When the police eventually stopped the car, they instructed the occupants to exit the vehicle. The defendant, Anderson and Olivia Burnett all exited the car; Anderson and the defendant were handcuffed. When the defendant started to give a false name, an officer told him they already knew who he was and arrested him. The officers, who did not then know that Anderson was Little Cutter, told him that he was not under arrest, but that they would like to talk to him. Anderson said he would talk to the police, but refused to have his handcuffs removed until after he was inside the police station. A later search of the car revealed the defendant's wallet, which was concealed in the overhead screen of a DVD player.

At the police station, in his first statement to the police, Anderson said that he was at the club with the defendant, and that the defendant and somebody named Little Cutter, whom Anderson pretended not to know, planned to scare Tolson. Anderson said that Little Cutter and the defendant devised a plan in which the defendant and Burnett would bring Tolson to the bar, at which point Little Cutter would confront Tolson and then run outside, causing Tolson to follow. Anderson then gave an account of the kidnapping that was similar to that given by Tolson, except that Anderson said he had followed the car in an SUV and watched the events as a bystander. At that point, the police formally arrested Anderson.

Meanwhile, the defendant told the police that he had met with Tolson the previous night. He said that he drove Tolson home and spoke with Tolson's brother for a short time, drove Thorpe home, and then returned to his own apartment for the evening. The defendant also told the police that Anderson was called Little Cutter, and that Anderson had punched Tolson at the club.

When police told Anderson that the defendant had identified him as Little Cutter, he changed his story. In his second statement, he admitted he was Little Cutter, broke down in tears and said that Tolson did not deserve what had happened to him. He told the police he had punched Tolson because he and the defendant believed Tolson may have had a gun at Cinco de Mayo, but that he ran away before he could find the suspected gun. After being pulled over, he met up with the defendant, Burnett, Thorpe and Tolson. He said he walked to the defendant's car, opened the rear passenger door and saw Tolson reaching for what he thought was a gun. Anderson pointed his own gun at Tolson, said “don't even think of it” and told him to get back in the car.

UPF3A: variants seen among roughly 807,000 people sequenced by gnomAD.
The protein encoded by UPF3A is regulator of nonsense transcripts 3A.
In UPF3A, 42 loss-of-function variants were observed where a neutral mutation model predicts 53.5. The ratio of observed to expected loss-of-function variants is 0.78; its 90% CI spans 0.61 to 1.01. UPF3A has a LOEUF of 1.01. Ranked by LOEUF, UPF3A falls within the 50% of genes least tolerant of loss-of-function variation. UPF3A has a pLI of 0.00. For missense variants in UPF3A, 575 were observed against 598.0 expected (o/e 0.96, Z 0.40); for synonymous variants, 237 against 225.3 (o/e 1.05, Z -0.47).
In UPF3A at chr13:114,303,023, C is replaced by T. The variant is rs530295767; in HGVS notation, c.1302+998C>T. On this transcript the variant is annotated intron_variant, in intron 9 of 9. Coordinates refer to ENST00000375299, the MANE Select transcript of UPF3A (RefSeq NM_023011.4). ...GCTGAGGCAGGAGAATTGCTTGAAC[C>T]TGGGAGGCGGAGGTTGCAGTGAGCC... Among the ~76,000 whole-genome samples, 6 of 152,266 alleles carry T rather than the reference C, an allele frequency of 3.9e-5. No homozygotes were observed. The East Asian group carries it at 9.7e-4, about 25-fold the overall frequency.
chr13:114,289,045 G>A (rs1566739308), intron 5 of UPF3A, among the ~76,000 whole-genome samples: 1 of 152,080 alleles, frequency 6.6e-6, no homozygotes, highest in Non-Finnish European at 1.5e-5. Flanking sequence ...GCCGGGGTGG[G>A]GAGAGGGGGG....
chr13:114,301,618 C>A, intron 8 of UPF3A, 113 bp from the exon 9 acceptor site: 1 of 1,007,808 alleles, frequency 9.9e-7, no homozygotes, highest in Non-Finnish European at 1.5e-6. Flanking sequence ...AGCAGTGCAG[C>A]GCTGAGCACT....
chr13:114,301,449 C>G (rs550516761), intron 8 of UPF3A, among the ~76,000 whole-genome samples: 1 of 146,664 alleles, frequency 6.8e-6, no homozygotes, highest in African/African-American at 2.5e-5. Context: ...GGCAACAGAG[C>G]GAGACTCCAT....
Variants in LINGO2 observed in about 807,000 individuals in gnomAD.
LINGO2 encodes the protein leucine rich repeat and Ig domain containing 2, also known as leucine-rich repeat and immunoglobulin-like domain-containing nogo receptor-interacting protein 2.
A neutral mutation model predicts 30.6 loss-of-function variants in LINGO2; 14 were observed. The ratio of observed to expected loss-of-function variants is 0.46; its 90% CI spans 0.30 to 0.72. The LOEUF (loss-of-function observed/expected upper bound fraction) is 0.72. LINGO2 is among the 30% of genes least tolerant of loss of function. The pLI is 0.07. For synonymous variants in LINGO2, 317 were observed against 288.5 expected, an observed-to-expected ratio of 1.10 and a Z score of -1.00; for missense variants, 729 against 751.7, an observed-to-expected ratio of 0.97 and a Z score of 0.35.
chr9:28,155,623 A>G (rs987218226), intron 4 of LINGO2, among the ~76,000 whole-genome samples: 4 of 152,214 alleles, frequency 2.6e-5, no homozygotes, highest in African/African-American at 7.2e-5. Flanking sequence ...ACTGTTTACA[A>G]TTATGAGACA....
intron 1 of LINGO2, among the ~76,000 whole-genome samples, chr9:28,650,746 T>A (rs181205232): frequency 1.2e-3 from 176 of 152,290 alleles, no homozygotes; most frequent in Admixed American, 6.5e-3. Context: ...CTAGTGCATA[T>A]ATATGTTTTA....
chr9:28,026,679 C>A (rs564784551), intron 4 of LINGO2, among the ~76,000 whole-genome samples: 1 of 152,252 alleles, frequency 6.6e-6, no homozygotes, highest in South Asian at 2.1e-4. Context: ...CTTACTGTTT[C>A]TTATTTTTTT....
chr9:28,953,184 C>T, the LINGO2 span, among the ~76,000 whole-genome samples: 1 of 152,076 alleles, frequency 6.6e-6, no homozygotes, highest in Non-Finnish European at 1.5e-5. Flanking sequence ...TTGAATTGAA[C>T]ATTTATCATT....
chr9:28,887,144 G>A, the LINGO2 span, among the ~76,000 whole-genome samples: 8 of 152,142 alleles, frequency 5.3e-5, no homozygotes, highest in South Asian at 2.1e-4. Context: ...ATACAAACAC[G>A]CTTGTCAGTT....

Anderson said that once he was in the car, there was a conversation between the defendant and Tolson about how Tolson had allegedly taken a gun and money from Burnett while the defendant was away, and how Tolson had disrespected the defendant. Anderson told police that he took money, drugs, gold teeth and a gun from Tolson, and made him take off his shirt. Anderson said that the defendant drove to an unknown location, making comments about how Tolson had disrespected him, and stating that Burnett had “picked out a nice spot.” When they arrived, they got out of the car, made Tolson take off the rest of his clothes and then told him to run into the woods naked as the defendant, Burnett, Thorpe and Anderson laughed. Anderson denied, however, holding the gun to Tolson's head against the trunk of the car.

After collecting additional evidence, the police interviewed Anderson for a third time that day. In his third statement, Anderson admitted he had held a gun to Tolson's head. He also asked the officers if they had recovered safes from the defendant's home and Olivia Burnett's car, and told them that they would find drugs and a gun in the safe in the car. An officer testified that throughout all three interviews Anderson did not appear to be under the influence of any narcotics or alcohol.

In addition to interviewing Anderson and the defendant, the police executed search warrants for the defendant's home as well as Ophelia and Olivia Burnett's cars. In the trunk of Olivia Burnett's car, police found the safe Anderson had mentioned, which contained a nine millimeter handgun with an obliterated serial number, ammunition, scales, what appeared to be cocaine residue and a key, which they matched to a safe in the defendant's home.

A year later, after pleading guilty to kidnapping Tolson, Anderson gave a fourth statement in a deposition as part of an agreement with the State to receive a reduction in his prison term; the deposition was read to the jury. In that statement, Anderson took full responsibility for the events that night and said that the defendant had no idea what was going on and took no part in the kidnapping. Anderson said that he went to Cinco de Mayo with three females, shared thirty shots of vodka with them, most of which he himself consumed. He stated that he inhaled roughly twenty lines of cocaine that night and consumed mushrooms, a hallucinogenic drug, but could not recall taking any drugs with Tolson. As he put it, “I was shroomed out, I was coked up, I was completely drunk.” He said that the defendant was not at the club, and that Tolson offered to sell him cocaine, but was trying to “hustle” him, leading Anderson to punch Tolson.